Shell will not enter any frontier markets after 2025, the company’s Ben Mee told conference attendees. “We’re looking very selectively.”

Drilling in

The company drilled the Graff success early this year and is now working on the Jaca well, off Sao Tome. Next year, it will drill a well in Mauritania’s C10 block.

Capricorn Energy is working on plans to bring its C7 block in Mauritania to a point where it is ready to drill. The company has not made a decision as yet but Eric Hathon said that a lot of the work had been done to get ready.

The Dauphin prospect is updip from the 2004 discovery Pelican. “We think we’ve got a billion barrel of prospective liquid resource, it will probably be an oil rim with a gas cap.”

Capricorn will have to take a drill-or-drop decision in April 2023 on the licence. “My hope is that by this time next year we are well into planning the well we intend to drill,” Hathon said.

Eni is reportedly planning to drill a well in Mozambique’s Block A5A, in the Angoche Basin, this year.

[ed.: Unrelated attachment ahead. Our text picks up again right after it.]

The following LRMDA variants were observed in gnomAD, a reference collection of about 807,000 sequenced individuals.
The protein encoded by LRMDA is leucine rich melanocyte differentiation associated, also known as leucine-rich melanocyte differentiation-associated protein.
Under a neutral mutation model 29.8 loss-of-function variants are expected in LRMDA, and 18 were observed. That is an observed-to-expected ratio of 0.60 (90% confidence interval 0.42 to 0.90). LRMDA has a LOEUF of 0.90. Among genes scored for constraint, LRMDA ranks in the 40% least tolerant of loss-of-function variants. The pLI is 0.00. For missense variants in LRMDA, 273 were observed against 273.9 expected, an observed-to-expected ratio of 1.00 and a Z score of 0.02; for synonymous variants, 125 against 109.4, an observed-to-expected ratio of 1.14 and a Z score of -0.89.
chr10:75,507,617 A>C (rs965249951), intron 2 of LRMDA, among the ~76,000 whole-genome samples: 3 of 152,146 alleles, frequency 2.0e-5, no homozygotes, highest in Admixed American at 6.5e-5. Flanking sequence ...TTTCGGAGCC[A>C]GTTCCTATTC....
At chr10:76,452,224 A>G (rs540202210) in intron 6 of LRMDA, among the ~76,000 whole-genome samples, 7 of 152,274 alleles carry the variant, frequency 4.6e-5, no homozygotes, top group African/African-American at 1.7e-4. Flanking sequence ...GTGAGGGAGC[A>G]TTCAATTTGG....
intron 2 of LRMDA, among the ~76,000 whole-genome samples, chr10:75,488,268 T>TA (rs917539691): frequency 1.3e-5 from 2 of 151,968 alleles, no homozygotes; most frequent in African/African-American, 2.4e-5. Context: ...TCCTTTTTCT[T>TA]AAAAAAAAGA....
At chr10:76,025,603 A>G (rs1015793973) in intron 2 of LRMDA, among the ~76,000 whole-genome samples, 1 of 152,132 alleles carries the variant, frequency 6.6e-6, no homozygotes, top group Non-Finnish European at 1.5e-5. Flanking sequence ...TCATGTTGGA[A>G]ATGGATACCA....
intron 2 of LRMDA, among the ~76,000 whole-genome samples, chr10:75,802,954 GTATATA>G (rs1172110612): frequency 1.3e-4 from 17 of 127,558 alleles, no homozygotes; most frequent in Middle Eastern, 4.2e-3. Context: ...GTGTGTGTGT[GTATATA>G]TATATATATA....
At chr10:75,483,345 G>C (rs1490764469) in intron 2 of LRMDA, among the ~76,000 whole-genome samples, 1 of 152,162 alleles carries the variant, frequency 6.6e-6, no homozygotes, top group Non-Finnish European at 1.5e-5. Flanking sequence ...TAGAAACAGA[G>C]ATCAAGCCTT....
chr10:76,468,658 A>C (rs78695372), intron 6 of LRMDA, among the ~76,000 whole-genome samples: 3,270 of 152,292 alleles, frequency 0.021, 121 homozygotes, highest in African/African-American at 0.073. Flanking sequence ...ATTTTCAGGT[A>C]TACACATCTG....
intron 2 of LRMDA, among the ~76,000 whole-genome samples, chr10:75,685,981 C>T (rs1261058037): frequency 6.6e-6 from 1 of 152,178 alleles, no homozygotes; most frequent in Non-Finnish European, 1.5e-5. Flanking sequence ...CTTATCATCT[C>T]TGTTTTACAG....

Turning Orange

Total plans to return to drill two appraisal wells on its Venus discovery in the third quarter. Shell aims to return in the third or fourth quarter to appraise its Graff find.

Beyond these wells, South Africa’s Orange Basin will come under increased interest. Shell and Total are working on Block 5/6/7, although seismic has proved to be hard, given some adverse court rulings.

Africa Oil and Eco Atlantic also talked up opportunities in this area. Initially, Eco will drill the Gazania-1 well, with CEO Gil Holzman saying it might spud by the end of August or early September.

Africa Oil’s Keith Hill, meanwhile, compared Block 3B/4B to Shell’s Graff play.

Total allocates around 35% of its drilling capital to mature basins, 50% to emerging basins with proven petroleum systems and 15% to frontier areas. This year, it will drill 18 wells and target 1.3 billion barrels of resource.

Given all these plans, it was little surprise that CNOOC International’s Paul Freeman would comment that “rig availability is becoming a real squeeze”.

The Chinese company is planning to drill the Tigre prospect, and perhaps the Seal prospect, in Gabon. The former is pre-salt, the latter post salt. “We have plenty of equity available if someone wants to come in for the ride on that,” Freeman said.